How Hobbies Improve Your Health

Society demands that we are constantly on the go, which can make stepping away from reality to take a break seem impossible. However, given the stress we endure from never slowing down, a break is necessary from time to time. A vacation is important, but in between your annual beach trips, make time to enjoy a hobby to get a more frequent a break from reality. Through a hobby, you can learn new skills, sharpen old ones, create new friendships, and reduce stress.

Why They’re Great

“Hobbies have no deadlines, no rules, and no pressure to be successful,” says My Mental Health Day. Hobbies exist for your enjoyment. While you’re playing your guitar or molding clay, you don’t have to worry about your boss correcting what you do. You simply do your best and enjoy the moment, which is “a stark contrast from everyday life.” Use your hobby as an excuse to take a break from reality, even if it’s only a few times a week.

Devoting your energy to your family and job is important, but you must make time for yourself, and not just time to stare at a TV or computer screen. Finding time for what gives you joy and passion is the key to keeping your sanity, and it can improve other aspects of your life too. Even though we here at quiltingjr.com obviously have a bias, here a wide array of other hobbies that present similar benefits.

Sports

Sports are a popular hobby. Whether you play a sport or just watch your favorite professional team, you can build friendships with other people who share a passion for your team. Of course, playing the game is even better. You can meet new friends, develop new skills, and promote physical fitness. Exercise is also shown to promote mental health.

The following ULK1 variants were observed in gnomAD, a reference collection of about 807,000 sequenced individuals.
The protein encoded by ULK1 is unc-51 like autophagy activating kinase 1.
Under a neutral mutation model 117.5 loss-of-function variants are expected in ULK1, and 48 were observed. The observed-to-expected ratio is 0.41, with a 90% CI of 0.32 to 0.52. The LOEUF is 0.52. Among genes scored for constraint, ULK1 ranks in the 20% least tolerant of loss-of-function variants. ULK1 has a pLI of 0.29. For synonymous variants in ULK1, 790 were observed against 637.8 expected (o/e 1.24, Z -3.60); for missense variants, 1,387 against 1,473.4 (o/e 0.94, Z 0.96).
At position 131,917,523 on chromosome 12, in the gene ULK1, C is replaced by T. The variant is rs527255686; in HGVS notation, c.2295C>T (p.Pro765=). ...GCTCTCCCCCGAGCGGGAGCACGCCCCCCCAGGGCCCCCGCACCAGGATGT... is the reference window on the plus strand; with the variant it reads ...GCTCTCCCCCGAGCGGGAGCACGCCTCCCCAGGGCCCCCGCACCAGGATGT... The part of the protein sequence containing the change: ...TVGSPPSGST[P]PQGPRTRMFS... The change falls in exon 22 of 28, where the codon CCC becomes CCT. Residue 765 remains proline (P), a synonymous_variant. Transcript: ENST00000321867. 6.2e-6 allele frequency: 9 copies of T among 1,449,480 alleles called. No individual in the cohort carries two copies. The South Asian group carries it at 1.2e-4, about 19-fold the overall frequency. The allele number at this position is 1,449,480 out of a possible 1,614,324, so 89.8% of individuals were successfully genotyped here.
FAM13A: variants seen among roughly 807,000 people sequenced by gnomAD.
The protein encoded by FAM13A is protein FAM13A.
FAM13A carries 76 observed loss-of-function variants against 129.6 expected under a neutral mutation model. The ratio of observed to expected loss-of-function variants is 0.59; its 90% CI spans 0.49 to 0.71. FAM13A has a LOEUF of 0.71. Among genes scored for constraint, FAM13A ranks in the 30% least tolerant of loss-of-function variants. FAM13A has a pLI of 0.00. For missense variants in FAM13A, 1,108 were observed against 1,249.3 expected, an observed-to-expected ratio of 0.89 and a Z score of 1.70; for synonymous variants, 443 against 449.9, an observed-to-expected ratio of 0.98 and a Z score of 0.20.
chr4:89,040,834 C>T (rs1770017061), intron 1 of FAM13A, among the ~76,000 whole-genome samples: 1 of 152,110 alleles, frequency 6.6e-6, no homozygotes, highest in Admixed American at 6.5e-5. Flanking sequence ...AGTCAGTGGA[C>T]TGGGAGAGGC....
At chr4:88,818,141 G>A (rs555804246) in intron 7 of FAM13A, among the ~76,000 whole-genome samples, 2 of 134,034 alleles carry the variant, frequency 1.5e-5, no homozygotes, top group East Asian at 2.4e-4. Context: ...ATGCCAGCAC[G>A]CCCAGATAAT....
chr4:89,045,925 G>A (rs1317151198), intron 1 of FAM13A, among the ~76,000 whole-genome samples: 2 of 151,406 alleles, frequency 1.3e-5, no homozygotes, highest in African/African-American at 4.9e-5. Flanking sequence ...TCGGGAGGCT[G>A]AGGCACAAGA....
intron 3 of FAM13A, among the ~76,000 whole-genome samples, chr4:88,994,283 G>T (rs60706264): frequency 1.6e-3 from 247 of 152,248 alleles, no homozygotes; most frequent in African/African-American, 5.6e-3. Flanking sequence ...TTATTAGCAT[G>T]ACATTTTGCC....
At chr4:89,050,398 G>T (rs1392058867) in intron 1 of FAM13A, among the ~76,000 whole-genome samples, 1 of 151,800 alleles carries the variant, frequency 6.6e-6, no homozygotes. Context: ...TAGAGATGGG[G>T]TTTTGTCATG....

Playing a sport requires the use of memorization, repetition, and learning. These skillsets carry over into academic learning. The important life skills of developing determination and setting goals are also learned through sports. When you’re playing a sport, you’re exercising, which is a proven way to alleviate stress.

Arts

Painting, sculpting, writing, photography, and other arts are great ways to express your emotions through an outlet that also can give you a sense of personal achievement when the product is finished. Whether you keep the artwork for yourself or share it with friends, the act of creating it relieves stress and promotes creativity.

Like sports, arts teach you to practice something until you master it. You can also meet new friends through groups, workshops, and galleries. For some people, art is the only way they can fully express themselves or deal with their emotions, whether it’s through painting, sculpting, or writing a song or poem. For this reason, art therapy is often used when treating addiction.

Music

Listening to music is relaxing. It can have a strong effect on your mood, thinking, and physiology. Creating music is also beneficial. A study found that playing a musical instrument as a child keeps your mind sharper as you age. Even if the first time you pick up an instrument is in your adult years, there are benefits.

Playing an instrument can engage your mind and attention, taking your mind off of stressors in your life and giving you a way to express yourself. It can lower blood pressure, decrease heart rate, reduce stress, and lessen anxiety and depression. Music may also enhance your immunological response, which helps fight off illnesses. Therapists use music to foster memory and a sense of self as part of the treatment of dementia.

Even though you may feel like your schedule is booked, there are ways to incorporate hobbies into your life. Make your hobby a priority. Give up some screen time or leave the office a little earlier. A break from everyday realities is a necessity in life. Hobbies can protect you from feeling run down and overworked. Whether you paint, play violin, bake cookies, play tennis, or shoot photos of nature, your mind and body will benefit.